Tyranny of Algorithms

BIG DATA AND THE FUTURE OF MEDICARE AUDITS

Edward M. Roche, Ph.D.,J.D. — Barraclough NY LLC

Part II — Defending Against the Tyranny of Algorithms

In Part I of this series, we reviewed how the number of Medicare audits has increased by almost 1,000% in the past five (5) years, and how virtually no decisions by ALJs are being handed back within the statutory time frame.

We discussed also how RACs have started to rely on big data mining of hospital claims to generate large numbers of Diagnosis-Related Group (DRG) downgrades. This is costing hospitals plenty, not only in the reduction in payment revenue, but also in the constantly increasing cost of defending against audits.

The use of computer algorithms has drastically reduced the cost of conducting audits, but there has been no corresponding reduction in defensive costs for hospitals, and this is an example of what military people call “asymmetric warfare”, where the cost of defense is always disproportionately greater than the cost of offense. It is an impossible game to win.

We will now examine a few of the legal issues that are presented by the need to defend against not an audit, but against an algorithm.

The MPIM specifies that the decision to conduct an audit is “not reviewable” in a hearing. This means that even if a provider is being profiled or targeted through an artificial intelligence algorithm, they are fair game, no matter what the reason.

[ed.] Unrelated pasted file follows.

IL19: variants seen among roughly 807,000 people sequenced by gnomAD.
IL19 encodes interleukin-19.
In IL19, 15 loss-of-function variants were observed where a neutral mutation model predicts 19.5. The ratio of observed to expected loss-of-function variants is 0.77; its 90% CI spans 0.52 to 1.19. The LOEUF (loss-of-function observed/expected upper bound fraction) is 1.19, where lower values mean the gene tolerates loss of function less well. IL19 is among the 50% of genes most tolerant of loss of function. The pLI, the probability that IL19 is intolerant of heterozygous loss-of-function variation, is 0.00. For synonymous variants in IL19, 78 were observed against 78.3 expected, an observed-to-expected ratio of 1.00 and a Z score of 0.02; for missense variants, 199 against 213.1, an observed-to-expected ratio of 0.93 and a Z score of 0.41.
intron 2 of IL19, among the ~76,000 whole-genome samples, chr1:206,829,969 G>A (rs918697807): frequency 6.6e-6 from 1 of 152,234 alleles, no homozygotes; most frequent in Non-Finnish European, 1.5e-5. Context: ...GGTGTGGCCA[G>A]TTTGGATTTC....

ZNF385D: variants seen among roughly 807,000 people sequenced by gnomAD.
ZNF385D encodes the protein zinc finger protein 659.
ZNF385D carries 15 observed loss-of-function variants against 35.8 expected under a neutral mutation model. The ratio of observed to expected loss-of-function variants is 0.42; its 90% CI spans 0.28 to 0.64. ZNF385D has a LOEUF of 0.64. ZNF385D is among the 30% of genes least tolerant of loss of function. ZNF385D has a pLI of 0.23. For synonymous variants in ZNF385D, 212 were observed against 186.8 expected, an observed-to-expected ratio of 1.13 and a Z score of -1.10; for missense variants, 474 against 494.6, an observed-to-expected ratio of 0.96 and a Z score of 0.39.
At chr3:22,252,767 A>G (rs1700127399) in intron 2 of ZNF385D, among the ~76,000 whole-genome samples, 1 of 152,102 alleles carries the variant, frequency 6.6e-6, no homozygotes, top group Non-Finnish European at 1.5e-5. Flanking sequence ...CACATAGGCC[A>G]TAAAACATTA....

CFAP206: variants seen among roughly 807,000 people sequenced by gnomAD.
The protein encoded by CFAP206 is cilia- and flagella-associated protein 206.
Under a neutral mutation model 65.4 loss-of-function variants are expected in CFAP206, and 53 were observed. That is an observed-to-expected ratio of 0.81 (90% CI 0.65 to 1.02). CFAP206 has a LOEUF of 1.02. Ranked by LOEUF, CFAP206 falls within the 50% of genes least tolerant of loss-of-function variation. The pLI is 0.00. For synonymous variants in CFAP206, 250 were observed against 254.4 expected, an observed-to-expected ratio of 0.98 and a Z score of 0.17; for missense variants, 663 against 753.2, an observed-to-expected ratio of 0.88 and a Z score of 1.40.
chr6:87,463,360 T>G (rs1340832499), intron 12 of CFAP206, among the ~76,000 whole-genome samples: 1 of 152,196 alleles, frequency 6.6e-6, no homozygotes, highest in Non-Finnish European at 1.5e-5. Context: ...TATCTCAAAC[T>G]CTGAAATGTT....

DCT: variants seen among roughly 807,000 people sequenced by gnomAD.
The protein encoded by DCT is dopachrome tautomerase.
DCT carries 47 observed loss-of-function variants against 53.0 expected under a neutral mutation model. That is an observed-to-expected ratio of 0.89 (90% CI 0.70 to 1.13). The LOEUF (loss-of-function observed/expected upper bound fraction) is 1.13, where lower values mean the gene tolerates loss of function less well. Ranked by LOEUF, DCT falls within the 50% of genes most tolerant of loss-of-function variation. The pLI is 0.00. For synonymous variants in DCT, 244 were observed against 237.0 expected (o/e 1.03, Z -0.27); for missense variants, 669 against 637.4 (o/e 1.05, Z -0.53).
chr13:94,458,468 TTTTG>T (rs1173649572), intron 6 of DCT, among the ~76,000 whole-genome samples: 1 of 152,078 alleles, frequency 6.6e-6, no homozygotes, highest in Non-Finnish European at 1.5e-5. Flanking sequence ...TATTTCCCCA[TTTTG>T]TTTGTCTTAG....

This lack of review-ability does not extend to the review itself. That is handled by the appeal system. The typical appeal has little success in the first two levels — reconsideration, redetermination — so the grass gets mowed with the Administrative Law Judge (ALJ). Appeals generally are based on a claim-by-claim argument regarding each patient or procedure, combined with a refutation of the statistical extrapolation, which is almost always based on shoddy work.

This litigation profile will change. Why? Rather than challenging the expertise or judgment of the audit reviewer who rejected a claim, the argument instead will be aimed at dis-crediting the algorithm responsible for the claim rejection.

But since these algorithms do not make decisions based on medical logic, but only on a pattern of statistical probabilities, the arguments against them will by necessity be couched in quasi-mathematical terms. To do so will require resort to an entirely different type of expert, and understanding of what we might call “algorithm law”. Yet, for the most part, many of today’s health law attorneys are ill-prepared to litigate this type of case.

This article appeared also in RACmonitor.